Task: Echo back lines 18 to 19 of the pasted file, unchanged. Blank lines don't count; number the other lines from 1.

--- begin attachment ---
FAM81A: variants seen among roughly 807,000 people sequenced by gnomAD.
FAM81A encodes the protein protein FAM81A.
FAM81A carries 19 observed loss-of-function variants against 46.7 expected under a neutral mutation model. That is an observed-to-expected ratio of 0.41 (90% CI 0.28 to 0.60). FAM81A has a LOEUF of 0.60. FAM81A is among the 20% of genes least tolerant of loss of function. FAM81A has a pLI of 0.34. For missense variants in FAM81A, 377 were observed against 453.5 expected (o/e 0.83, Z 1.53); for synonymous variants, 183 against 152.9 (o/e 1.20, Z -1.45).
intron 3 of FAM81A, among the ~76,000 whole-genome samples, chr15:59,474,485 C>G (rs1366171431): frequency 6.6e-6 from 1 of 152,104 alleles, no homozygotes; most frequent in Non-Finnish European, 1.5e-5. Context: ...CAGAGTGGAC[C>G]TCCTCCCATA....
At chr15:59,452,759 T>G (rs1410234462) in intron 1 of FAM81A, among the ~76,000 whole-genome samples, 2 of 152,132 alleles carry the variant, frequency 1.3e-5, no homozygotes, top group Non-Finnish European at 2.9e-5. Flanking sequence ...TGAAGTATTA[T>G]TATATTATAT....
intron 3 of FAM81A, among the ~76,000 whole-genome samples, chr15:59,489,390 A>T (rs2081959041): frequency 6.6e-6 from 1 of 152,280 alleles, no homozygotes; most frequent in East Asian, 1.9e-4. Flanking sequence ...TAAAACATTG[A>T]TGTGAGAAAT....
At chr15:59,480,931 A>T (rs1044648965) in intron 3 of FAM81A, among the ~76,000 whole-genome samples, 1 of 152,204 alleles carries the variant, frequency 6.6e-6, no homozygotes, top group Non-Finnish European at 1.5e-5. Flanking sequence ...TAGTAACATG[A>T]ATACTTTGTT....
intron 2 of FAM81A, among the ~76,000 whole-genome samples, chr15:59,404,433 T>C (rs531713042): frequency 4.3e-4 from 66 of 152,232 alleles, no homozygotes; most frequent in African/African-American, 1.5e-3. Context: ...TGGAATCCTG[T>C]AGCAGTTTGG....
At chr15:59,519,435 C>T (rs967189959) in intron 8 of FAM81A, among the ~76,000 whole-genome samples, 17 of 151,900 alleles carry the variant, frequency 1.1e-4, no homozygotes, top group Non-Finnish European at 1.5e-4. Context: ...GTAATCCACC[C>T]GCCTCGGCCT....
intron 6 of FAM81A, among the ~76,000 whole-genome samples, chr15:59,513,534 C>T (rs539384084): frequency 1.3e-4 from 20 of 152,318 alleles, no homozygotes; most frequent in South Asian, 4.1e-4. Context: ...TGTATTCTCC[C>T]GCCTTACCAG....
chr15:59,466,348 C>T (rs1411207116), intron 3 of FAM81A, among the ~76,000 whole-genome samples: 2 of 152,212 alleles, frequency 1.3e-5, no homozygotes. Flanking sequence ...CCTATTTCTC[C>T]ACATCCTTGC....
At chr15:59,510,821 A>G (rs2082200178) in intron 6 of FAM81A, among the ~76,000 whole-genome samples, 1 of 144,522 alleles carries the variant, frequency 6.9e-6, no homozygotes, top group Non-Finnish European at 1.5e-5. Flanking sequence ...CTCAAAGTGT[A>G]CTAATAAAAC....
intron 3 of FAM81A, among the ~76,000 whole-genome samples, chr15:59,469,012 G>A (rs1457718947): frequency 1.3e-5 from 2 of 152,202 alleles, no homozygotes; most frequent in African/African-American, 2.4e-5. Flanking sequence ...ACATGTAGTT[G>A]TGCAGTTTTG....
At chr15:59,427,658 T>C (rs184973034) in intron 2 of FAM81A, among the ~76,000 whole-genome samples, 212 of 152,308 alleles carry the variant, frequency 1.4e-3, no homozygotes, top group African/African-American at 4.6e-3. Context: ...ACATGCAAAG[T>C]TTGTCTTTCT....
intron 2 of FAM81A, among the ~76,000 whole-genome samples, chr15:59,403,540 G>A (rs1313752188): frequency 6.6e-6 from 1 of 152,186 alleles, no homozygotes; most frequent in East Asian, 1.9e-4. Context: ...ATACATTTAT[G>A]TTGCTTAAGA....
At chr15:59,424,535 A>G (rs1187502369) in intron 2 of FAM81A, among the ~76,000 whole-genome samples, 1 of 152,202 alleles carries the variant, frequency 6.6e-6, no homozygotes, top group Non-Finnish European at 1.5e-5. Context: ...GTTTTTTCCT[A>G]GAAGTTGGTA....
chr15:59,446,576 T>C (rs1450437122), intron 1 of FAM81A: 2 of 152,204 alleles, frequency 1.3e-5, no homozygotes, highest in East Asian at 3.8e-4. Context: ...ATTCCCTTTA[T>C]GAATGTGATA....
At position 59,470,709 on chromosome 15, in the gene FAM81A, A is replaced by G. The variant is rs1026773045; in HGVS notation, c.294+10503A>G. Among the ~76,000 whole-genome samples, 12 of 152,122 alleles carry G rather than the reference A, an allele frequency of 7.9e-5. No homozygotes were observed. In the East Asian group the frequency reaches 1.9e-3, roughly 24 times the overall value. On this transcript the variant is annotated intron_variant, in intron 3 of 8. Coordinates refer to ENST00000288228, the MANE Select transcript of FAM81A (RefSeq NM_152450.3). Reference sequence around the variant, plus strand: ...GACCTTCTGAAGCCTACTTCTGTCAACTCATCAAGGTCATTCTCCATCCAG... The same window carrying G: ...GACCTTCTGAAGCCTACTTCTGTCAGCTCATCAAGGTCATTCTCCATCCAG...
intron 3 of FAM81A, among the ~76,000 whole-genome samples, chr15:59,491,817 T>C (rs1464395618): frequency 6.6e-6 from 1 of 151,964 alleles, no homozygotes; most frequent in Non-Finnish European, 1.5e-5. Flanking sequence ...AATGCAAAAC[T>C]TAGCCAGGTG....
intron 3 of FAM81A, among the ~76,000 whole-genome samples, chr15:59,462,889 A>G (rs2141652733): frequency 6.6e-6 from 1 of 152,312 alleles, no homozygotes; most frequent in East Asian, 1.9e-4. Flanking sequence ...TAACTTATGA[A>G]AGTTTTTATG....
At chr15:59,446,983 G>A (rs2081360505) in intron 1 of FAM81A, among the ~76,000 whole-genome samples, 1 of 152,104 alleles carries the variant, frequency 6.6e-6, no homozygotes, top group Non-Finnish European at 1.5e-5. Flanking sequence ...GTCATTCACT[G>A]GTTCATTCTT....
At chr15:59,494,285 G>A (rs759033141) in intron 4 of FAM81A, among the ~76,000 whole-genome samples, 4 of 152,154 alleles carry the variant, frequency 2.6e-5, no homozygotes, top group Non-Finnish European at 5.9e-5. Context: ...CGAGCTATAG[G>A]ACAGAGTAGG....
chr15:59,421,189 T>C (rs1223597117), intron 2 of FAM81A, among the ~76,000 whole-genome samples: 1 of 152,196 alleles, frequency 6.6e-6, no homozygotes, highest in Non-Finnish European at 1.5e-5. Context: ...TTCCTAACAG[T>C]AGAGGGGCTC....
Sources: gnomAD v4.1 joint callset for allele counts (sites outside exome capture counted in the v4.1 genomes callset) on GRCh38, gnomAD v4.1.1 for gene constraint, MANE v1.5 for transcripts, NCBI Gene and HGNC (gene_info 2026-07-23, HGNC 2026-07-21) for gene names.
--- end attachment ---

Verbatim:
At position 59,470,709 on chromosome 15, in the gene FAM81A, A is replaced by G. The variant is rs1026773045; in HGVS notation, c.294+10503A>G. Among the ~76,000 whole-genome samples, 12 of 152,122 alleles carry G rather than the reference A, an allele frequency of 7.9e-5. No homozygotes were observed. In the East Asian group the frequency reaches 1.9e-3, roughly 24 times the overall value. On this transcript the variant is annotated intron_variant, in intron 3 of 8. Coordinates refer to ENST00000288228, the MANE Select transcript of FAM81A (RefSeq NM_152450.3). Reference sequence around the variant, plus strand: ...GACCTTCTGAAGCCTACTTCTGTCAACTCATCAAGGTCATTCTCCATCCAG... The same window carrying G: ...GACCTTCTGAAGCCTACTTCTGTCAGCTCATCAAGGTCATTCTCCATCCAG...
intron 3 of FAM81A, among the ~76,000 whole-genome samples, chr15:59,491,817 T>C (rs1464395618): frequency 6.6e-6 from 1 of 151,964 alleles, no homozygotes; most frequent in Non-Finnish European, 1.5e-5. Flanking sequence ...AATGCAAAAC[T>C]TAGCCAGGTG....